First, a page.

A Senate hearing on Tuesday pitted three powerful social media companies against researchers who testified that the algorithms used by the platforms to generate revenue by keeping users engaged pose existential threats to individual thought, and democracy itself.
The hearing before the Judiciary Subcommittee on Privacy, Technology and the Law featured a bipartisan approach to the issue from the new chairman, Democratic Sen. Chris Coons of Delaware, and ranking member, GOP Sen. Ben Sasse of Nebraska. Algorithms can be useful, the senators agreed, but they also amplify harmful content and may need to be regulated.
Monika Bickert, Facebook’s vice president for content policy, said it would be “self-defeating” for social media companies to direct users toward extreme content.
But Tristan Harris, a former industry executive who became a data ethicist and now runs the Center for Humane Technology, told the committee that no matter what steps the companies took, their core business would still depend on steering users into individual “rabbit holes of reality.”
“It’s almost like having the heads of Exxon, BP, and Shell here and asking about what you’re doing to responsibly stop climate change,” Harris said. “Their business model is to create a society that’s addicted, outraged, polarized, performative and disinformed.”
“While they can try to skim the major harm off the top and do what they can — and we want to celebrate that, we really do — it’s just that they are fundamentally trapped in something they cannot change,” Harris continued.
Joan Donovan, the research director at the Harvard Kennedy School’s Shorenstein Center on Media, Politics and Public Policy, said the platforms should be required to offer users a “public interest” version of their news feeds or timelines and provide robust tools to moderate content.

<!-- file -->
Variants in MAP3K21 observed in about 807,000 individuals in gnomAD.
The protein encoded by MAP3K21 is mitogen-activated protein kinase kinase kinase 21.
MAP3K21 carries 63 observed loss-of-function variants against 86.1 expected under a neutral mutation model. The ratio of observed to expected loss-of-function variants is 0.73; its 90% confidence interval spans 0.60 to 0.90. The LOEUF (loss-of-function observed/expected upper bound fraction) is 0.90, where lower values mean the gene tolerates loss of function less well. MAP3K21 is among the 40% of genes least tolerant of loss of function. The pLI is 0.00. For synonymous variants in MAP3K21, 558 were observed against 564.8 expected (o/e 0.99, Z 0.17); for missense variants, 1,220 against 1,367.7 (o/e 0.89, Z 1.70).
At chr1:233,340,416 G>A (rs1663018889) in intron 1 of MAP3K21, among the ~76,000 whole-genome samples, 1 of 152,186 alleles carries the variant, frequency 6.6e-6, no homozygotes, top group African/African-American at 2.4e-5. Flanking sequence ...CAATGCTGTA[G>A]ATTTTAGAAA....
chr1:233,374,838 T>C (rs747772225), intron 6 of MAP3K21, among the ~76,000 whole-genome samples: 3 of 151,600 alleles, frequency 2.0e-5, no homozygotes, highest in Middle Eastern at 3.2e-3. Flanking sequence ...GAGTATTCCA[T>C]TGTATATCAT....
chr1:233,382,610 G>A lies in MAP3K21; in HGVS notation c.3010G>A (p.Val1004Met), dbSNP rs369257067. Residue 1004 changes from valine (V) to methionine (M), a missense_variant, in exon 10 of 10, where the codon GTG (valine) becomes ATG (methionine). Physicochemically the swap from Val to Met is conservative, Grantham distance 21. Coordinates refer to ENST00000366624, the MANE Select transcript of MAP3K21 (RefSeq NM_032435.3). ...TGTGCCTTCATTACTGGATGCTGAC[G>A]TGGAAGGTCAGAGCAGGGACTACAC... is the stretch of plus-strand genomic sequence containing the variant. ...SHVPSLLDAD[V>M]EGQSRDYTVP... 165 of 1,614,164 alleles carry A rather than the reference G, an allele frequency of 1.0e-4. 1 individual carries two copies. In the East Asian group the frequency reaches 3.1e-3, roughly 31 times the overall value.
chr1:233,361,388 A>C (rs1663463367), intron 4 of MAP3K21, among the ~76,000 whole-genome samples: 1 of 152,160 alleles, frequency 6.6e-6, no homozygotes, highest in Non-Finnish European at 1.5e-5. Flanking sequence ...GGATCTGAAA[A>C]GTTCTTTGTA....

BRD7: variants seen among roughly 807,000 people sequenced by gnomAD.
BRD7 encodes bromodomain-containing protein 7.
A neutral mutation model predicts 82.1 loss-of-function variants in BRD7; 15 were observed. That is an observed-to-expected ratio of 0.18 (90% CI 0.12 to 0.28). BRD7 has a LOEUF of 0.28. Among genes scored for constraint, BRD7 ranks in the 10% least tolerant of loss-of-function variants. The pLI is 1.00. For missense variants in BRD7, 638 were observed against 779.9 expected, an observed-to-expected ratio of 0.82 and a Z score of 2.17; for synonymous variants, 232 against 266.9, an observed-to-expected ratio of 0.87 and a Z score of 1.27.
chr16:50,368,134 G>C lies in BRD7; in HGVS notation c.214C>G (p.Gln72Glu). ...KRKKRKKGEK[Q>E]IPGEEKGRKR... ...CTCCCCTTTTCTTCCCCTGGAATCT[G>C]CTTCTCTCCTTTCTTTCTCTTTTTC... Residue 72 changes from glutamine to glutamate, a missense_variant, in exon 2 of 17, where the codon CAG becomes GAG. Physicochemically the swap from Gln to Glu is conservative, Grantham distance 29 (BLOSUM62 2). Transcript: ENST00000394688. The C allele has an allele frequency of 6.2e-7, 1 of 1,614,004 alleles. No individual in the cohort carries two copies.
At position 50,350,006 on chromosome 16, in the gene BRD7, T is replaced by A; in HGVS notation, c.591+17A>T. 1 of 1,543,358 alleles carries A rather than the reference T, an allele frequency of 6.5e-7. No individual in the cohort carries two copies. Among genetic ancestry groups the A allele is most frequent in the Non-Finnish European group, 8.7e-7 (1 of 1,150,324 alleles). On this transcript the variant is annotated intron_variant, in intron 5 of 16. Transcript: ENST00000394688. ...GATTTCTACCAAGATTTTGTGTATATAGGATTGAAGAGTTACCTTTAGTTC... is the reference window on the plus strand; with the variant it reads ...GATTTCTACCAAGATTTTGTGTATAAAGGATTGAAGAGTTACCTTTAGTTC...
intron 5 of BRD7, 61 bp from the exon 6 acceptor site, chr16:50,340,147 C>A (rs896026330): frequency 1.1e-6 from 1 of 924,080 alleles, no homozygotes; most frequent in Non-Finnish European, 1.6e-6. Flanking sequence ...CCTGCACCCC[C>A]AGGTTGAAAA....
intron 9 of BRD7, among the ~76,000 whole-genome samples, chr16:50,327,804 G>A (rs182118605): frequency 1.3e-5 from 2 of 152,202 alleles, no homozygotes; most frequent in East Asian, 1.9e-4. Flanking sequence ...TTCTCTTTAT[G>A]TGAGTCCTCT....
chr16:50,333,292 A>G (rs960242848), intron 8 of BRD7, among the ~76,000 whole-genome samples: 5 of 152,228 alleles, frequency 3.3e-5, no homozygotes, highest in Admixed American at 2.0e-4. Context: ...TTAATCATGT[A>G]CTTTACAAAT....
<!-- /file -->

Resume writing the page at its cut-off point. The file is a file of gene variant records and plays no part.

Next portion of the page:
“We didn’t build airports overnight but tech companies are flying the planes with nowhere to land,” Donovan said. “The cost of doing nothing is nothing short of democracy’s end.”
Coons and Sasse commended the platforms for efforts to suppress harmful content and increase transparency but questioned whether they would do enough if left to their own devices. Coons noted that Facebook recently took special measures to limit misinformation and violent content ahead of the verdict in the trial of former Minneapolis police officer Derek Chauvin, who was convicted in the May 2020 murder of George Floyd, a Black man.
“My question for you is why wouldn’t Facebook always limit the rapid spread of content likely to violate your standards,” Coons asked Bickert.
Bickert responded that such measures, in addition to removing harmful content, might also limit the spread of “false-positive” content that would not violate the company’s policies.
“So there is a cost to taking action on that content,” Bickert said. “But in situations where we know there is extreme or finite risk, such as an election in a country experiencing unrest or in Minneapolis with the Chauvin trial, we’ll put in a temporary measure where we’ll de-emphasize content that the technology, the algorithms, say is likely to violate [company policy].”
Coons said the hearing was a learning opportunity for both him and Sasse and that he had no specific regulatory agenda but thinks the issue demands urgent attention and would consider supporting voluntary, regulatory or legislative remedies.
Sasse said the piecemeal approaches by each company were “irreconcilable” with the broad challenges described by Harris.
“He’s making a big argument and we’re hearing responses that I think are only around the margins,” Sasse said.